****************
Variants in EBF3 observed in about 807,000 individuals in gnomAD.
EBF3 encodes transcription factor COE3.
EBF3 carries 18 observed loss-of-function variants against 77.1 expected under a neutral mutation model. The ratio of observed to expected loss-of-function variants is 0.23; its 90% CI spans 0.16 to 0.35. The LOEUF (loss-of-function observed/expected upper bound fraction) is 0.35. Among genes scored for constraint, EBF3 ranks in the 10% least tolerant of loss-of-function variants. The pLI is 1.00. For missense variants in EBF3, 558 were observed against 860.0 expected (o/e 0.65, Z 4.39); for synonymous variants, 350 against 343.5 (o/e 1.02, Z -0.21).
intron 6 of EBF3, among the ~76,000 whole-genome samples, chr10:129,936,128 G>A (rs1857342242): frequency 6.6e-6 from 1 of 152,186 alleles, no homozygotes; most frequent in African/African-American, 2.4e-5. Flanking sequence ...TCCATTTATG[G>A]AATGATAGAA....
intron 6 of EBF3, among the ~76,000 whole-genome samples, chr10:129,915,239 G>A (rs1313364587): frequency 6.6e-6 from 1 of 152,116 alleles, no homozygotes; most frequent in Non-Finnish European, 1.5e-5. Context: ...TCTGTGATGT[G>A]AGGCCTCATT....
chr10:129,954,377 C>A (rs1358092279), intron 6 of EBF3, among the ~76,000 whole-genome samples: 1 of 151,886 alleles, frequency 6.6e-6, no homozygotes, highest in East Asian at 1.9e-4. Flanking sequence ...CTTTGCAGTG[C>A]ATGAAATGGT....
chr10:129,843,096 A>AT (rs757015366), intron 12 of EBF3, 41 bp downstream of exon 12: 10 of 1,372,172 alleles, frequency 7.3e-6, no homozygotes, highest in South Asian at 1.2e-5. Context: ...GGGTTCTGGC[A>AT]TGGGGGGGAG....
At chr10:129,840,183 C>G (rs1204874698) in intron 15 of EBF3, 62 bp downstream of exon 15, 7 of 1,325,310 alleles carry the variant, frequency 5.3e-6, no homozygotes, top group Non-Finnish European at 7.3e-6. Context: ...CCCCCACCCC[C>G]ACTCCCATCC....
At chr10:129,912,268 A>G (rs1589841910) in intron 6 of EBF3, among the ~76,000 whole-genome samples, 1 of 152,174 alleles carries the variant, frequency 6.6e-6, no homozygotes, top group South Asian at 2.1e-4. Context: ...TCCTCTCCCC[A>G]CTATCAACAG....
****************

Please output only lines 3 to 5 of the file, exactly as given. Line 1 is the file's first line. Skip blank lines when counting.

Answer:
EBF3 carries 18 observed loss-of-function variants against 77.1 expected under a neutral mutation model. The ratio of observed to expected loss-of-function variants is 0.23; its 90% CI spans 0.16 to 0.35. The LOEUF (loss-of-function observed/expected upper bound fraction) is 0.35. Among genes scored for constraint, EBF3 ranks in the 10% least tolerant of loss-of-function variants. The pLI is 1.00. For missense variants in EBF3, 558 were observed against 860.0 expected (o/e 0.65, Z 4.39); for synonymous variants, 350 against 343.5 (o/e 1.02, Z -0.21).
intron 6 of EBF3, among the ~76,000 whole-genome samples, chr10:129,936,128 G>A (rs1857342242): frequency 6.6e-6 from 1 of 152,186 alleles, no homozygotes; most frequent in African/African-American, 2.4e-5. Flanking sequence ...TCCATTTATG[G>A]AATGATAGAA....
intron 6 of EBF3, among the ~76,000 whole-genome samples, chr10:129,915,239 G>A (rs1313364587): frequency 6.6e-6 from 1 of 152,116 alleles, no homozygotes; most frequent in Non-Finnish European, 1.5e-5. Context: ...TCTGTGATGT[G>A]AGGCCTCATT....